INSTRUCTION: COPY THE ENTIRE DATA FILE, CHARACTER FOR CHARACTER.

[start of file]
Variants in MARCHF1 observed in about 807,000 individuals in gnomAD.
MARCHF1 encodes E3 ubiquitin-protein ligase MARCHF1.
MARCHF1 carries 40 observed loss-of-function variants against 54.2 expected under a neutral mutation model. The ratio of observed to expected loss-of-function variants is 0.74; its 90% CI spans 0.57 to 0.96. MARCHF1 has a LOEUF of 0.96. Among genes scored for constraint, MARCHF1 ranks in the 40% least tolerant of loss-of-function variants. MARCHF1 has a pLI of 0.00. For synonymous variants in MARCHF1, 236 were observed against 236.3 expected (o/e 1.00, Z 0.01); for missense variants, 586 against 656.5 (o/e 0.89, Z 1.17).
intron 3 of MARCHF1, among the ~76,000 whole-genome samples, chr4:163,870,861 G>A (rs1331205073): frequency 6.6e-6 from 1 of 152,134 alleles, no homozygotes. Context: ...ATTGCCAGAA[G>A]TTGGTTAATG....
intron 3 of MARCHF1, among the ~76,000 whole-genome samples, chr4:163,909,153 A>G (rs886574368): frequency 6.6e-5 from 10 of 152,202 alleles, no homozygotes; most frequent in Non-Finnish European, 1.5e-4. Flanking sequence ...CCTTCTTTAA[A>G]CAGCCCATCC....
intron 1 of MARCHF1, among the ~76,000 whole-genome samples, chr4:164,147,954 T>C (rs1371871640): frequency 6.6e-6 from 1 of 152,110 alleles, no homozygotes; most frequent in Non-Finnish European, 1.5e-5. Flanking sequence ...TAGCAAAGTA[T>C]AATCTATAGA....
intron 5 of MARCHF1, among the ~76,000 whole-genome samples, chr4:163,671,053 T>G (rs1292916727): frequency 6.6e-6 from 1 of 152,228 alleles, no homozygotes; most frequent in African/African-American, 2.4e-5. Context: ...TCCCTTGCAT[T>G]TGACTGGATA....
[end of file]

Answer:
Variants in MARCHF1 observed in about 807,000 individuals in gnomAD.
MARCHF1 encodes E3 ubiquitin-protein ligase MARCHF1.
MARCHF1 carries 40 observed loss-of-function variants against 54.2 expected under a neutral mutation model. The ratio of observed to expected loss-of-function variants is 0.74; its 90% CI spans 0.57 to 0.96. MARCHF1 has a LOEUF of 0.96. Among genes scored for constraint, MARCHF1 ranks in the 40% least tolerant of loss-of-function variants. MARCHF1 has a pLI of 0.00. For synonymous variants in MARCHF1, 236 were observed against 236.3 expected (o/e 1.00, Z 0.01); for missense variants, 586 against 656.5 (o/e 0.89, Z 1.17).
intron 3 of MARCHF1, among the ~76,000 whole-genome samples, chr4:163,870,861 G>A (rs1331205073): frequency 6.6e-6 from 1 of 152,134 alleles, no homozygotes. Context: ...ATTGCCAGAA[G>A]TTGGTTAATG....
intron 3 of MARCHF1, among the ~76,000 whole-genome samples, chr4:163,909,153 A>G (rs886574368): frequency 6.6e-5 from 10 of 152,202 alleles, no homozygotes; most frequent in Non-Finnish European, 1.5e-4. Flanking sequence ...CCTTCTTTAA[A>G]CAGCCCATCC....
intron 1 of MARCHF1, among the ~76,000 whole-genome samples, chr4:164,147,954 T>C (rs1371871640): frequency 6.6e-6 from 1 of 152,110 alleles, no homozygotes; most frequent in Non-Finnish European, 1.5e-5. Flanking sequence ...TAGCAAAGTA[T>C]AATCTATAGA....
intron 5 of MARCHF1, among the ~76,000 whole-genome samples, chr4:163,671,053 T>G (rs1292916727): frequency 6.6e-6 from 1 of 152,228 alleles, no homozygotes; most frequent in African/African-American, 2.4e-5. Context: ...TCCCTTGCAT[T>G]TGACTGGATA....